Brown University retracted research suggesting that young peoples’ decisions to transition from one gender to another is influenced by their peers and social media after angering the transgender community.
The university published behavioral and social sciences professor Lisa Littman’s research, “Rapid-onset gender dysphoria in adolescents and young adults,” revealing that students and young people considering transitioning may be affected by their peers.
Littman conducted her study by posting a 90-question survey on three websites where parents had reported rapid onsets of gender dysphoria. The responses were recorded anonymously and 256 parent-completed surveys met the study’s standards.
In nearly 40 percent of the friendship groups described, the majority of the members became “transgender-identified.”
Over 60 percent of the transgender adolescents had been diagnosed with at least one mental health disorder or neurodevelopmental disability prior to the onset of their gender dysphoria, according to the study’s results.
After the study was published Aug. 16, the university received feedback from the transgender community about the research and its intentions.
“Community members express[ed] concerns that the conclusions of the study could be used to discredit efforts to support transgender youth and invalidate the perspectives of members of the transgender community,” Brown University School of Public Health Dean Bess H. Marcus said, according to The Telegraph. Marcus also said university members had complained.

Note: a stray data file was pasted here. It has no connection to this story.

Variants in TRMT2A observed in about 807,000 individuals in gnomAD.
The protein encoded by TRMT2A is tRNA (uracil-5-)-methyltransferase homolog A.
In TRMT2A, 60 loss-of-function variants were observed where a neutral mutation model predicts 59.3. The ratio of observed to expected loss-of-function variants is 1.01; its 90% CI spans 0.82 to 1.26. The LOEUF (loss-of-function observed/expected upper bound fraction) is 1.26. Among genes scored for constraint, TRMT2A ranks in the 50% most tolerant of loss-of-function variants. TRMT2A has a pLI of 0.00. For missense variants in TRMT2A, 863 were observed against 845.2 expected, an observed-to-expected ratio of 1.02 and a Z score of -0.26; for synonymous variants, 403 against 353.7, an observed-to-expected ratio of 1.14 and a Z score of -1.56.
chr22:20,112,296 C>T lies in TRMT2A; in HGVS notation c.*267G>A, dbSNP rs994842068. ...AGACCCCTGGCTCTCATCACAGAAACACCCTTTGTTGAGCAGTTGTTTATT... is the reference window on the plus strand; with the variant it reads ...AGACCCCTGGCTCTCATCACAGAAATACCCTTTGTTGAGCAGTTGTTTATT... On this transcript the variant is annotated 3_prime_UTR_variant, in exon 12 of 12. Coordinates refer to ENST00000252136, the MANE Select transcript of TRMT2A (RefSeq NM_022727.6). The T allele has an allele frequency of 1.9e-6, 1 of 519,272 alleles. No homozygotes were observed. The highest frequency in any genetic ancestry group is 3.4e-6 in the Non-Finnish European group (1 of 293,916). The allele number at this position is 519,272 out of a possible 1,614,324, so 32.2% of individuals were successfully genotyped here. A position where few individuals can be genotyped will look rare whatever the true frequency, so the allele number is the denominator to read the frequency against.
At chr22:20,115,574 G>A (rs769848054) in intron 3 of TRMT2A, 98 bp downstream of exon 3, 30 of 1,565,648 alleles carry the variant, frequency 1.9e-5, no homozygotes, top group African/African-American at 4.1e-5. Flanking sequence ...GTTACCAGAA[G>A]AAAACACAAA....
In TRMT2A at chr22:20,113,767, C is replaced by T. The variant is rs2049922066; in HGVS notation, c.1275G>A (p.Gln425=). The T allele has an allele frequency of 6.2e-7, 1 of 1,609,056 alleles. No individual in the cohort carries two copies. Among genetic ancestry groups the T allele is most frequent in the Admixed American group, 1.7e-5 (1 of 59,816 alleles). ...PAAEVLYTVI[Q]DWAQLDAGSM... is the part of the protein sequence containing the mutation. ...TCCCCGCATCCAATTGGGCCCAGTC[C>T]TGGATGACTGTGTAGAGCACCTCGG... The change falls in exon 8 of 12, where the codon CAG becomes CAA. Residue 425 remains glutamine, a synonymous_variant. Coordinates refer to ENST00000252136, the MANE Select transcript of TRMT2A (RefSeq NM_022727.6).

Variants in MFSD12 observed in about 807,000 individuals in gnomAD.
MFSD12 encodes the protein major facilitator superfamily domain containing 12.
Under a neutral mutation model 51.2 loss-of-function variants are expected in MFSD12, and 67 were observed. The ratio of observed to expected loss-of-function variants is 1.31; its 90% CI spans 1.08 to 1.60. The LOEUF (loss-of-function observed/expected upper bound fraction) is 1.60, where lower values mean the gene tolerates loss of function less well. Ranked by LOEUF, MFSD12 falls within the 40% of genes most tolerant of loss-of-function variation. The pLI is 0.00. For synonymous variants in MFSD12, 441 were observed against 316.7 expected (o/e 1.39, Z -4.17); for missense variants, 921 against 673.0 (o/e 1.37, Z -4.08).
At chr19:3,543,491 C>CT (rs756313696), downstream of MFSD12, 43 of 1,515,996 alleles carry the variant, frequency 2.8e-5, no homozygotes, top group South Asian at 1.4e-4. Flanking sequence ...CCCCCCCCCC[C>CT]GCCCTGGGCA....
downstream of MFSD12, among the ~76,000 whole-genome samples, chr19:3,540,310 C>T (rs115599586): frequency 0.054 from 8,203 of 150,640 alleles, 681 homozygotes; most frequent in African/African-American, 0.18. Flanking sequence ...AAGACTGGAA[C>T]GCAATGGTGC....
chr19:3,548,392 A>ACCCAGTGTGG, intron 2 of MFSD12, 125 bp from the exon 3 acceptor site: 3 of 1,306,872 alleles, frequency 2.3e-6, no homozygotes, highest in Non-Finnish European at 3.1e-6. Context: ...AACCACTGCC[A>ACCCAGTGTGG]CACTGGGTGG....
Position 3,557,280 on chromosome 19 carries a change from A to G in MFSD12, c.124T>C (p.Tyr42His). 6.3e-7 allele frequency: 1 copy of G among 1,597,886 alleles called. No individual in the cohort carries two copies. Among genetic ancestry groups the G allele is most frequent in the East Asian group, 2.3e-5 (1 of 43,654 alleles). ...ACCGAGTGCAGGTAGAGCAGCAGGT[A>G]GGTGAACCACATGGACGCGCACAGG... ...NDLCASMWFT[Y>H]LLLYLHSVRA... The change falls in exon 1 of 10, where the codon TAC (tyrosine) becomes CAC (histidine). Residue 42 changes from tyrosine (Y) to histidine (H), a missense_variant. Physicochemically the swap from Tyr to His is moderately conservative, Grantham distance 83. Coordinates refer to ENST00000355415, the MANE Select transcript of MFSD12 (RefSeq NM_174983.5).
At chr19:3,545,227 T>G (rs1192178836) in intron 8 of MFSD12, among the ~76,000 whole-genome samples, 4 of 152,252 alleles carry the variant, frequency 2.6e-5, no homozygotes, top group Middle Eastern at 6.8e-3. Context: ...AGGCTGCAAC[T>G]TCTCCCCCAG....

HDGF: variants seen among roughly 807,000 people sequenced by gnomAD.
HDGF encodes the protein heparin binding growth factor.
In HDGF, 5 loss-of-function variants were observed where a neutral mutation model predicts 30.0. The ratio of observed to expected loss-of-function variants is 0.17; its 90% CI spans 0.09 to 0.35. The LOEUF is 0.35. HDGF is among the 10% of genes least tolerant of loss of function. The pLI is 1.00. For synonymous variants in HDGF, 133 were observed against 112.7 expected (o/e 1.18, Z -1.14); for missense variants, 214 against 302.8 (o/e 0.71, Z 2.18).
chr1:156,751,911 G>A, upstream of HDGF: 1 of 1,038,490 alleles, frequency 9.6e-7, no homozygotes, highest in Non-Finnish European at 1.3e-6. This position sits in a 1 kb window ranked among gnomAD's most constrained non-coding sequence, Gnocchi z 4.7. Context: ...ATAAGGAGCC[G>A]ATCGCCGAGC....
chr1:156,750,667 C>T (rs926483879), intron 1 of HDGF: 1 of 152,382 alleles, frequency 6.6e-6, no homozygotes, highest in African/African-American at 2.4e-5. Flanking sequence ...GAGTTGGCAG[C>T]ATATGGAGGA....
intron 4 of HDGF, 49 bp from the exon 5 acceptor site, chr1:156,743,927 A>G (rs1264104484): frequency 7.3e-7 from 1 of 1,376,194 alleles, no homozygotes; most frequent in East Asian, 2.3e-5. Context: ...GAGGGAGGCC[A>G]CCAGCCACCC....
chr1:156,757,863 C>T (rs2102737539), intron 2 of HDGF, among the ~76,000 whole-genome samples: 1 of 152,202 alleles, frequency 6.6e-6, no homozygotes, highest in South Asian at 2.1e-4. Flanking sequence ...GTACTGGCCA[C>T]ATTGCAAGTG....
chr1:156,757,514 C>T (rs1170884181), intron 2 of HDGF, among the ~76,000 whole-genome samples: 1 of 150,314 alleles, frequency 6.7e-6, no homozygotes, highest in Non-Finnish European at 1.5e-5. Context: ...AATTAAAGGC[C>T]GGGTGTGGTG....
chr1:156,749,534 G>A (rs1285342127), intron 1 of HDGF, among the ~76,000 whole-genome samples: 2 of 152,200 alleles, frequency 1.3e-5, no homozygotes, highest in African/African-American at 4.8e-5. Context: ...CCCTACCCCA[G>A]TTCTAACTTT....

Littman refers to “social and peer contagion” in the study, defining the phrase as “cluster outbreaks of gender dysphoria occurring in pre-existing groups of friends and increased exposure to social media/internet preceding a child’s announcement of a transgender identity raises the possibility of social and peer contagion.”
Peer contagion has also been shown to play a role in other body dysmorphic illnesses like eating disorders, Littman notes.
“Brown and the School of Public Health strongly value academic freedom and support our researchers in their pursuit of knowledge and discovery. We are deeply committed to free inquiry and also support rigorous debate to advance understanding of important and complex issues,” university spokesman Brian Clark told the Daily Caller News Foundation Wednesday.
“We feel strongly that researchers have a responsibility to be vigilant in research design and analysis, especially when there are implications for the health of the communities at the center of our research … It was this responsibility — not the subject of the research — that informed the decision to remove the article,” Clark added.
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The university maintains that the study’s research design and methodology were flawed, and that removing the article from distribution is the “most responsible course of action,” Clark told TheDCNF.
Brown’s faculty and staff are “on the cutting edge of research on transgender populations and we fully expect that to continue to be the case moving forward,” Clark added.
The study was published in “PLOS One,” and the journal has said it will follow up on the university’s concerns about the study’s designs as well as seek expert commentary on the study’s methodology.
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